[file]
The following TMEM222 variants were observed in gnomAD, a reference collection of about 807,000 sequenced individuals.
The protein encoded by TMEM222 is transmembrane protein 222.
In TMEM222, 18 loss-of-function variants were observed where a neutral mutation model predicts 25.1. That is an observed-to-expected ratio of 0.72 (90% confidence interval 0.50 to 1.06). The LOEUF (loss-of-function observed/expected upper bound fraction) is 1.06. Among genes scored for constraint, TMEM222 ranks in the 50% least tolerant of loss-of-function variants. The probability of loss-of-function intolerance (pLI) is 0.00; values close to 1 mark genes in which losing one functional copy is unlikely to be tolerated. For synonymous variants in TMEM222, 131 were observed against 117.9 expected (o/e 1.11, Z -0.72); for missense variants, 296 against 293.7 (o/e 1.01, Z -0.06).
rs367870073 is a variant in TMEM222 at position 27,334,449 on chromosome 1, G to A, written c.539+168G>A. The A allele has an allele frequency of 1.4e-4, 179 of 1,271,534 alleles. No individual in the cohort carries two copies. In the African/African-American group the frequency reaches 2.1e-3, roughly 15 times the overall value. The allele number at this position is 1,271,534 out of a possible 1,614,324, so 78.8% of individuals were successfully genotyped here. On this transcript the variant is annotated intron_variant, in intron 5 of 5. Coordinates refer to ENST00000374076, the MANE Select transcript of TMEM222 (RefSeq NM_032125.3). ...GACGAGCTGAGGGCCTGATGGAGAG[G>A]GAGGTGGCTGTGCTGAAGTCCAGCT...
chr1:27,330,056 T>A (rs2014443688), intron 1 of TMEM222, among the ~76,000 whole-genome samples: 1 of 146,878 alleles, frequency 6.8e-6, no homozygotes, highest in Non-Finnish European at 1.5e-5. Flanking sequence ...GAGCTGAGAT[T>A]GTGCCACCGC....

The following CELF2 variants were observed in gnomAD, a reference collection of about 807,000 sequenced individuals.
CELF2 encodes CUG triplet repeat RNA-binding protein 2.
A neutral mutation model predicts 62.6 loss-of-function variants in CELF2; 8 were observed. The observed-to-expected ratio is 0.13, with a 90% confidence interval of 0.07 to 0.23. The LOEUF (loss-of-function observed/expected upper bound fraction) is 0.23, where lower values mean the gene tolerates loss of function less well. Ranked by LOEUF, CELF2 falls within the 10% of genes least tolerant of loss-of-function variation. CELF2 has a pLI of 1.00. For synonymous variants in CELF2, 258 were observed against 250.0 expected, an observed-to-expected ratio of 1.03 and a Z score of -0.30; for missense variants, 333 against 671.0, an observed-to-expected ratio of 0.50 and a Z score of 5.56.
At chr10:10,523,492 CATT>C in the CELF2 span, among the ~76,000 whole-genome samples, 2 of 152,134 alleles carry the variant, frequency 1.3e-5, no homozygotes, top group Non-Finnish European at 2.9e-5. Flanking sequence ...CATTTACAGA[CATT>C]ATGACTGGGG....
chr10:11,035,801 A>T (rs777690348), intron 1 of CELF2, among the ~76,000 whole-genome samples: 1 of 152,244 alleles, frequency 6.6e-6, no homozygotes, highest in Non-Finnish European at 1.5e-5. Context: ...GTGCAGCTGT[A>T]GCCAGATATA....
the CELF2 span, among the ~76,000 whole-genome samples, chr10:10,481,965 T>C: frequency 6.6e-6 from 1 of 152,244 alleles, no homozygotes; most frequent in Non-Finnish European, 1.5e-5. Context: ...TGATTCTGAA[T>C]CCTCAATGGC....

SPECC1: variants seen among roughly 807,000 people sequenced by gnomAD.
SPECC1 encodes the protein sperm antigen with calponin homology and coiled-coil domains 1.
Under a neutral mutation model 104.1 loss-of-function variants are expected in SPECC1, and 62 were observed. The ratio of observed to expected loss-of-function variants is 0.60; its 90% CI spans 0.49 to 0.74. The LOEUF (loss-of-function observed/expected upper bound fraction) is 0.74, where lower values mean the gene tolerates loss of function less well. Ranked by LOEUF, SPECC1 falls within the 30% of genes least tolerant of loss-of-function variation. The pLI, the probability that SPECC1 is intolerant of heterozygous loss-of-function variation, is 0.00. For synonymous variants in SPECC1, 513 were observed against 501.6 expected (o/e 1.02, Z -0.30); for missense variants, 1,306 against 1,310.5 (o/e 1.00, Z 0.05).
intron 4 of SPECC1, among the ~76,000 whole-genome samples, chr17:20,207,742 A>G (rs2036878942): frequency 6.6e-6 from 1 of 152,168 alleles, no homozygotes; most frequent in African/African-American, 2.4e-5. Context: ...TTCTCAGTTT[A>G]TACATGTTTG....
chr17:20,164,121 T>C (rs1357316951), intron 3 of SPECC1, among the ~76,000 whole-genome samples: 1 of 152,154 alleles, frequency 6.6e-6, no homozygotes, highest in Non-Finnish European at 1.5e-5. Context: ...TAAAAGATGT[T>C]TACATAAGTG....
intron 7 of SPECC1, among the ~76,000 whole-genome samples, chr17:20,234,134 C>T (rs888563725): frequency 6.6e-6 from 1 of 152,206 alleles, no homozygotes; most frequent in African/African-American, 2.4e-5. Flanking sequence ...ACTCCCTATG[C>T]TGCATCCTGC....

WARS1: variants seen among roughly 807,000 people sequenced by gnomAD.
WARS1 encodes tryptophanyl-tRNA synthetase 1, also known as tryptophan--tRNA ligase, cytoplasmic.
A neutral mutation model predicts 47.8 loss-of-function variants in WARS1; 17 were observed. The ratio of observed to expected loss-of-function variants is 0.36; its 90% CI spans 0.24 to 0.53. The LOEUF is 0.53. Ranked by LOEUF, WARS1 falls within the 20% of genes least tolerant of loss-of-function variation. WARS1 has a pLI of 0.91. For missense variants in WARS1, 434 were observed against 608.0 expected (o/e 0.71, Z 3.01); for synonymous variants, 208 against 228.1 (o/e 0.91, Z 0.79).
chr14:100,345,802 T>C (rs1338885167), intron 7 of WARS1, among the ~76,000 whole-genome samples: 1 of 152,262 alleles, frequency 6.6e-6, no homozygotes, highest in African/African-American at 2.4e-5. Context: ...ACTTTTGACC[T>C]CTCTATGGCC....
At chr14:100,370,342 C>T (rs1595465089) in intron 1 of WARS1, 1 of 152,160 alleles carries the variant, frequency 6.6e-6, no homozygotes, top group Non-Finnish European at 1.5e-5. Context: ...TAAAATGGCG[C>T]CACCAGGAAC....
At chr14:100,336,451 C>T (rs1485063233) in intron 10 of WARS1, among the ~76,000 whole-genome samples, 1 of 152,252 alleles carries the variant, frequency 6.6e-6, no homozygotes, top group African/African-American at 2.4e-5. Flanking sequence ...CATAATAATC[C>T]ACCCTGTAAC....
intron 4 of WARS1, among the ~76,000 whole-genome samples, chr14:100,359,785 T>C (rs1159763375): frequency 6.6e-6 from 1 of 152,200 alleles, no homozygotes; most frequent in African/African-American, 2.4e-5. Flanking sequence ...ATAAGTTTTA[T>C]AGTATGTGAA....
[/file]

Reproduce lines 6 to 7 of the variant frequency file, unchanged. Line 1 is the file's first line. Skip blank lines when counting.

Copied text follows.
The following CELF2 variants were observed in gnomAD, a reference collection of about 807,000 sequenced individuals.
CELF2 encodes CUG triplet repeat RNA-binding protein 2.